In a similar way that celebrities opt to use only a first name, The Grand High Witch chooses to wield further power and fear in her name-as-descriptor. She’s far more terrifying without a normal first name, which was probably something benign like Brenda. We know this to be effective as every character who has a geyser of exposition for Neo in The Matrix is often called what they are (The Architect, The Oracle, The Washing Machine Repair Man.)
We know The Grand High Witch is ugly, no-named and wants to wipe out children across the planet. But what of her plans, you say? You cannot evaluate a witch’s cinematic presence without the summation of her evil entirety: her dreams and ambitions. The Grand High Witch doesn’t scrimp on the bonkers or on the scale of her crazy. Setting up a conference for witches worldwide, under the banner of the RSPCC (The Royal Society For The Prevention of Cruelty to Children – oh, the hilarity) she reveals her plan.
As is announced early on in the film, children emit a pungent odour only detected by witches which sets their gag reflexes into overdrive and can also make their eyes roll back (very attractive) – so needless to say, The Grand High Witch wants to eradicate all children by essentially drugging them. No friggin’ wonder parents popped in a VHS of this flick when their kiddies’ tantrums flared up. It’s a genius sign of Roald Dahl’s genuine love for children in which he makes it clear that while strangers may appear nice, they most likely want to drug you with choccy bars, turn you into a rodent and stomp on you.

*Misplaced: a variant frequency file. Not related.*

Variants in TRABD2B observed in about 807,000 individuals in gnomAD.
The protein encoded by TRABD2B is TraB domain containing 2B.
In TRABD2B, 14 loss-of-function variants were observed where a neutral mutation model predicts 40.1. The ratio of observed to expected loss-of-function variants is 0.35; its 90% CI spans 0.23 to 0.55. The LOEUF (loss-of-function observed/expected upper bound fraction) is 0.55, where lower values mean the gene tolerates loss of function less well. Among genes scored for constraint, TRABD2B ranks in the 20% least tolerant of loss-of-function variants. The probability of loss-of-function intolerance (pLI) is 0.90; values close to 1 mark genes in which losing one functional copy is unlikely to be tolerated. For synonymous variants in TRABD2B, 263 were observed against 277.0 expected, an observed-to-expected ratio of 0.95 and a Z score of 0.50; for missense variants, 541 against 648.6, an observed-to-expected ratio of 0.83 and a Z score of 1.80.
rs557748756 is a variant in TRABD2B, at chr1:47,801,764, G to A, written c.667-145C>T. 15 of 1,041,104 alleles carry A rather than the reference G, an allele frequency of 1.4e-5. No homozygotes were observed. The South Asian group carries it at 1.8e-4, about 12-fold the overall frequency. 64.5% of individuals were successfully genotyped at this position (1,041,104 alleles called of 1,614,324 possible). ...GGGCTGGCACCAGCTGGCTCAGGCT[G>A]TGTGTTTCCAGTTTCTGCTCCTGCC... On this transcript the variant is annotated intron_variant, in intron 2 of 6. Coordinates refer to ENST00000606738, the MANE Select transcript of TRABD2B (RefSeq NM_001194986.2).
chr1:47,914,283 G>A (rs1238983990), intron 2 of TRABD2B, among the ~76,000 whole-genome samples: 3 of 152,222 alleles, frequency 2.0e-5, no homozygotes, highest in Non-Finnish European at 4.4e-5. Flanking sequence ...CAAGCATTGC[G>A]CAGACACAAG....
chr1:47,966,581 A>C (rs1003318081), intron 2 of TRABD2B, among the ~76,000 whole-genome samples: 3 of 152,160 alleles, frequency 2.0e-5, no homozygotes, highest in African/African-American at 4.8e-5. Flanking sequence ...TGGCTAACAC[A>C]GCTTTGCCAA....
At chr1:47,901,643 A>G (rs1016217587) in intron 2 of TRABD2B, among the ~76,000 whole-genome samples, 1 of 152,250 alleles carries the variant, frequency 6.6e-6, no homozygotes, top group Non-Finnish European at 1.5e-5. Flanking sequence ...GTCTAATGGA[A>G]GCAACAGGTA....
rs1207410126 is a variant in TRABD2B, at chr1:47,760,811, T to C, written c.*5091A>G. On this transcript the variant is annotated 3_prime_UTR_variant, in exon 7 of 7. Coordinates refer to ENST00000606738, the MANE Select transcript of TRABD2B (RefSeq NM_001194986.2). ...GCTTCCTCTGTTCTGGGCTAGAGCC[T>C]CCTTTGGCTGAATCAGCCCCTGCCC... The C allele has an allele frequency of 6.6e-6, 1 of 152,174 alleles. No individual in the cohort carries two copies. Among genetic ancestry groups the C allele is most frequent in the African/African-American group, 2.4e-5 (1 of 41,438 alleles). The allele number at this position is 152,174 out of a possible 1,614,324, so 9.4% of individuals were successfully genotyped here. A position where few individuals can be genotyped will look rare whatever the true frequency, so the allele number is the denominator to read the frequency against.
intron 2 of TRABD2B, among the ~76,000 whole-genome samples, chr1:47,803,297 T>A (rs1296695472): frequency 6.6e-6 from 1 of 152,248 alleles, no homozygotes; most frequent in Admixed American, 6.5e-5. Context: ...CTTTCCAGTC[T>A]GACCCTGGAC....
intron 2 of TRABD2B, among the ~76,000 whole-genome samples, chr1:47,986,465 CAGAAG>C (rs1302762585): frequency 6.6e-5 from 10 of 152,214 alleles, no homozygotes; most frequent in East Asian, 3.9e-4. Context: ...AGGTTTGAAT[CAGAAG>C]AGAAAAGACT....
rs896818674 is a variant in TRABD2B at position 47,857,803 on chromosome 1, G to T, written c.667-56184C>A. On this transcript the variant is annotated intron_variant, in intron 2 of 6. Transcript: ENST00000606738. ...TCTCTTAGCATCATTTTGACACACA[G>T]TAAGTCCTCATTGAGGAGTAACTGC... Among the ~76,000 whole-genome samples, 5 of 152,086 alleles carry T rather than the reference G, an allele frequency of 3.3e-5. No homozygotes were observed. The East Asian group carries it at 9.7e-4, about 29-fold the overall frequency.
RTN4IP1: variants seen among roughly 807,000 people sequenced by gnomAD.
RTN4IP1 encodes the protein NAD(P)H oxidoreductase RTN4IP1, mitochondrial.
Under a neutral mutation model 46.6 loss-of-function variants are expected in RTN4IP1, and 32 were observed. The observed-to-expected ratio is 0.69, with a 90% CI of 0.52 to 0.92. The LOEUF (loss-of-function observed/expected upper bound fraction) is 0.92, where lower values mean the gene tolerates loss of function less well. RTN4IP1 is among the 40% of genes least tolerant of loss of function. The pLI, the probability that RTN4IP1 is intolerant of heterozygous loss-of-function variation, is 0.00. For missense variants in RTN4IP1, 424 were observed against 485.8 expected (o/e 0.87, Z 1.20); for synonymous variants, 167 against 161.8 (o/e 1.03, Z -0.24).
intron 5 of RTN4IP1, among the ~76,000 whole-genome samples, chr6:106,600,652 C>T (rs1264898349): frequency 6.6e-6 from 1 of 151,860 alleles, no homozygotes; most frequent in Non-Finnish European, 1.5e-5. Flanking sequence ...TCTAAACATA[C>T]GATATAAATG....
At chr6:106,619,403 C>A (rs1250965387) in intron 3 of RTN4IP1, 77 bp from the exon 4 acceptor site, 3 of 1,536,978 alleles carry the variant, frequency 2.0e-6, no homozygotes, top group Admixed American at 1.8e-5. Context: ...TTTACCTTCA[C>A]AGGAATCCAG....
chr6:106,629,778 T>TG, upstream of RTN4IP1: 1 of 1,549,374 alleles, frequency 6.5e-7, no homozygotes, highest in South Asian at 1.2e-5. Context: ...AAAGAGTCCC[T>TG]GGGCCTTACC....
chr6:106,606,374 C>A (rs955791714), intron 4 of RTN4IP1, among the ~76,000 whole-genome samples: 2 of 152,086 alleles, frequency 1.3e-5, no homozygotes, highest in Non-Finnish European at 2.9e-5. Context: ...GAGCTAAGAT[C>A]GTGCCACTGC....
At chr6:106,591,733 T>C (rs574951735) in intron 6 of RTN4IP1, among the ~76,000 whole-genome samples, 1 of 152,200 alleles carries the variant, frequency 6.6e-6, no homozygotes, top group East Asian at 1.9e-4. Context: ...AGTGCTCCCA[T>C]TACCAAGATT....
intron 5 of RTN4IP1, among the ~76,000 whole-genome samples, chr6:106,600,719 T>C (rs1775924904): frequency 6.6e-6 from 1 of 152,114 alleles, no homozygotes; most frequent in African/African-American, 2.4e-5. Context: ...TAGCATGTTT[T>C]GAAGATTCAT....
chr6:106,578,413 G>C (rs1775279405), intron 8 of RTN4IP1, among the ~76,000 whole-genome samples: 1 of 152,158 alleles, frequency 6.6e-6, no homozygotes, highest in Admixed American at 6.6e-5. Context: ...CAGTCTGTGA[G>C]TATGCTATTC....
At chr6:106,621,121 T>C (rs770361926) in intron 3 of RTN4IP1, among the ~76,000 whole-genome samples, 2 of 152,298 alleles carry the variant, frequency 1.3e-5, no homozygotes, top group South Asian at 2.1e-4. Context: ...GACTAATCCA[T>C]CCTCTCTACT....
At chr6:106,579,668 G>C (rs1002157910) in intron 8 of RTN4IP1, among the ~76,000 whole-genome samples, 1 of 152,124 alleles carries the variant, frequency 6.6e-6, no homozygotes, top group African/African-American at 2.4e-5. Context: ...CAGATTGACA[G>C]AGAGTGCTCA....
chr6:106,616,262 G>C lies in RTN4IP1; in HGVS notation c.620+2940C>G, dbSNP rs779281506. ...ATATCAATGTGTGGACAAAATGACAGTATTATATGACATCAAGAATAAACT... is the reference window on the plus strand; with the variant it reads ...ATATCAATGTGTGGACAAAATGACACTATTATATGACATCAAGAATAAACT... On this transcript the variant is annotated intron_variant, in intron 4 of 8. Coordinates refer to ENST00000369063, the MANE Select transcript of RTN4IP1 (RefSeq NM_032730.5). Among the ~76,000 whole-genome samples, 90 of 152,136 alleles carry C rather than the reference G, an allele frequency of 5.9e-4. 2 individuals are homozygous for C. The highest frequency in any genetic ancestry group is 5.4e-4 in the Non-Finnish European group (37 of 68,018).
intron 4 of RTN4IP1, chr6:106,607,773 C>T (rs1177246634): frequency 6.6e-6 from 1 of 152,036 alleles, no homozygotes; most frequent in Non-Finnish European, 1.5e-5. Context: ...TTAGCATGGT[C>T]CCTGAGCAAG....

Which, is her plan. Summoning all of the witches to the conference room in the hotel, she demonstrates how her poison works after luring a boy with the promise of a Mars bar and turns him into a mouse. This is where TGHW shines. She’s bonkers. She’s got the leanings of an unhinged criminal mastermind as well as adhering to general witch lore. Why on earth would you opt to turn the children into mice once you’ve poisoned them? Wouldn’t it be easier to just have them vanish in a puff of childlike smoke? No. Not good enough for TGHW, she’s got to embellish and let her imaginative flare have room to be stroked like a black cat with an ego problem.
The Grand High Witch is the epitome of an evil cauldron stirrer: she’s wily, uglier than an ocean of sin and madder than a giraffe trying to pretend it’s a coat rack.
The arguments have been made! Now it’s your turn, head to the comments section and weigh-in on which witch you like the best.
And if you liked this Throwdown, maybe you’d like to check out one of our past arguments, such as Movie Sidekicks With The Most Negative InfluencePrevious